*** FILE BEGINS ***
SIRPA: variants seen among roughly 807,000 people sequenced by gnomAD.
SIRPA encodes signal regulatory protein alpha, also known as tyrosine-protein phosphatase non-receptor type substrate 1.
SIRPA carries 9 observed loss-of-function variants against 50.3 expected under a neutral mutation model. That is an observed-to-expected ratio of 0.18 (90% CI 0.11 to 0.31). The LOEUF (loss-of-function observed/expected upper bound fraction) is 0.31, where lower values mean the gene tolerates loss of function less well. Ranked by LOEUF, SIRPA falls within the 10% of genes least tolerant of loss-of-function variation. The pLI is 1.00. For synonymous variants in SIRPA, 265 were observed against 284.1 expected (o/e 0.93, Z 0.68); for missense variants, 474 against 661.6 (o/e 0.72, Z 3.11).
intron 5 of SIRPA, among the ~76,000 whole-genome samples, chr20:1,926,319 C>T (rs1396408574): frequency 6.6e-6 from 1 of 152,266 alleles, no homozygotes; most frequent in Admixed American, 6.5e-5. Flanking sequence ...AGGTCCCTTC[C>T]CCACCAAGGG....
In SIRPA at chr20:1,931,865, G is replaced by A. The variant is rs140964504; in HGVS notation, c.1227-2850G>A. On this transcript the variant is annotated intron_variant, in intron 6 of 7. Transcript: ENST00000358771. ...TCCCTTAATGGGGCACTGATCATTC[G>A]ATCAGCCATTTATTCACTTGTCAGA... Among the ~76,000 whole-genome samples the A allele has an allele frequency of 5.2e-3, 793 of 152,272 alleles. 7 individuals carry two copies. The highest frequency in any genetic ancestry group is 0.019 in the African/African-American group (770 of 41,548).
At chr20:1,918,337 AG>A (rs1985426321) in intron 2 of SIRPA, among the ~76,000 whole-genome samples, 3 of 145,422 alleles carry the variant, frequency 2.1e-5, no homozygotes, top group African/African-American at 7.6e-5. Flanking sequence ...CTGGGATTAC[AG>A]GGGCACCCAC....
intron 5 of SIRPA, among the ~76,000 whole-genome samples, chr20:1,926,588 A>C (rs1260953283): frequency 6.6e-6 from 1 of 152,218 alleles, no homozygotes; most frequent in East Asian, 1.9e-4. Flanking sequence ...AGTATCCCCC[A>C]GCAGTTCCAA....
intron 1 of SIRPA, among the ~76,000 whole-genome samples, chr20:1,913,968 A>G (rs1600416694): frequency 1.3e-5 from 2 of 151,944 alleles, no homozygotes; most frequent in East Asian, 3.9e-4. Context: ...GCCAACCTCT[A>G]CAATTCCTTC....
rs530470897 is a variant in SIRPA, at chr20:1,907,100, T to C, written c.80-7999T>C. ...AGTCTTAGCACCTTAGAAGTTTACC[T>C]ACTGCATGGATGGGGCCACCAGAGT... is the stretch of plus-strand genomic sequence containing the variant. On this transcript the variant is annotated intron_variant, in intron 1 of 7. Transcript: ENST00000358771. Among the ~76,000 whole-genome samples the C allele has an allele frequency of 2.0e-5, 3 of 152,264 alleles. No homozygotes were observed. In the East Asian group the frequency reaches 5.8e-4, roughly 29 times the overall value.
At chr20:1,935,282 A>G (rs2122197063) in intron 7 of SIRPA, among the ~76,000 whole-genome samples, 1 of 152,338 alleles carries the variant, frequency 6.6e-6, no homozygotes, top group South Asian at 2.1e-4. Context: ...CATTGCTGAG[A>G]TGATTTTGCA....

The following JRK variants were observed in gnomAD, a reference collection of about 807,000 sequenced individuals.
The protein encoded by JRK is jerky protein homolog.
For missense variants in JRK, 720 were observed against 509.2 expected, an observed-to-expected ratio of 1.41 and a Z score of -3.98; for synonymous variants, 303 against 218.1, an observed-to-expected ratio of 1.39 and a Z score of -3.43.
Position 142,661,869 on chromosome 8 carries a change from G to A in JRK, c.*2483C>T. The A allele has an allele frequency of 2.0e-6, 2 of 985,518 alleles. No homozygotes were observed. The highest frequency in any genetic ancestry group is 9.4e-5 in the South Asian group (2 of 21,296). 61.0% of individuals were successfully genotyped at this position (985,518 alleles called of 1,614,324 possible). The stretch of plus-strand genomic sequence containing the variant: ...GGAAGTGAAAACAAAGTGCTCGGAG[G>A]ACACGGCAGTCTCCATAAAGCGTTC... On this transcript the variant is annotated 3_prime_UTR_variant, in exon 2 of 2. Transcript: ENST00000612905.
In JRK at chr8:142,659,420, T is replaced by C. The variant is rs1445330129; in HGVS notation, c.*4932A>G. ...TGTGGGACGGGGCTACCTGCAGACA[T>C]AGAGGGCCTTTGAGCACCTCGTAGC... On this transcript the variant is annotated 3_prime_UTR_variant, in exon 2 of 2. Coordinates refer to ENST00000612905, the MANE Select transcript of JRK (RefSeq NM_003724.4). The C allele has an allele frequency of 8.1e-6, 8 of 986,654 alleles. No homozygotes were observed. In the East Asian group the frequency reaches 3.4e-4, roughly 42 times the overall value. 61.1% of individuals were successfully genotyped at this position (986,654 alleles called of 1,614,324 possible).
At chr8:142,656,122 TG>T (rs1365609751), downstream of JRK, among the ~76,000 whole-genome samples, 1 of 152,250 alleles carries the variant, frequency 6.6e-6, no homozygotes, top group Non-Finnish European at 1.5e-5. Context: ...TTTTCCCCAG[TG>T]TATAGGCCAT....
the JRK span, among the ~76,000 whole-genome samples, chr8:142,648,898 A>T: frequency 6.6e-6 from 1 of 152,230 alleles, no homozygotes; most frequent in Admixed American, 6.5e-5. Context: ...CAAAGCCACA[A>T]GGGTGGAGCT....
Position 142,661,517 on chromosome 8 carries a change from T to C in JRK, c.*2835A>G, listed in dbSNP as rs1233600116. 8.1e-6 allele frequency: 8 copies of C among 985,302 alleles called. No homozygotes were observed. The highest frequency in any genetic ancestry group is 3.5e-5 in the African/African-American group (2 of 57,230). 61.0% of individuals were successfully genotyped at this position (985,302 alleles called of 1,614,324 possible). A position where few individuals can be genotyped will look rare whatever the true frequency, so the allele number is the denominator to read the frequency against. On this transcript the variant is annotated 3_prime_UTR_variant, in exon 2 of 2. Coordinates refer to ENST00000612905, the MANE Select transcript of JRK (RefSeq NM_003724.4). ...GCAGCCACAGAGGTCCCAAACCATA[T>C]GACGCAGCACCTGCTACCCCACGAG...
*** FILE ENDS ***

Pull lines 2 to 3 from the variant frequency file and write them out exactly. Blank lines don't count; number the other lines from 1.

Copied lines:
SIRPA encodes signal regulatory protein alpha, also known as tyrosine-protein phosphatase non-receptor type substrate 1.
SIRPA carries 9 observed loss-of-function variants against 50.3 expected under a neutral mutation model. That is an observed-to-expected ratio of 0.18 (90% CI 0.11 to 0.31). The LOEUF (loss-of-function observed/expected upper bound fraction) is 0.31, where lower values mean the gene tolerates loss of function less well. Ranked by LOEUF, SIRPA falls within the 10% of genes least tolerant of loss-of-function variation. The pLI is 1.00. For synonymous variants in SIRPA, 265 were observed against 284.1 expected (o/e 0.93, Z 0.68); for missense variants, 474 against 661.6 (o/e 0.72, Z 3.11).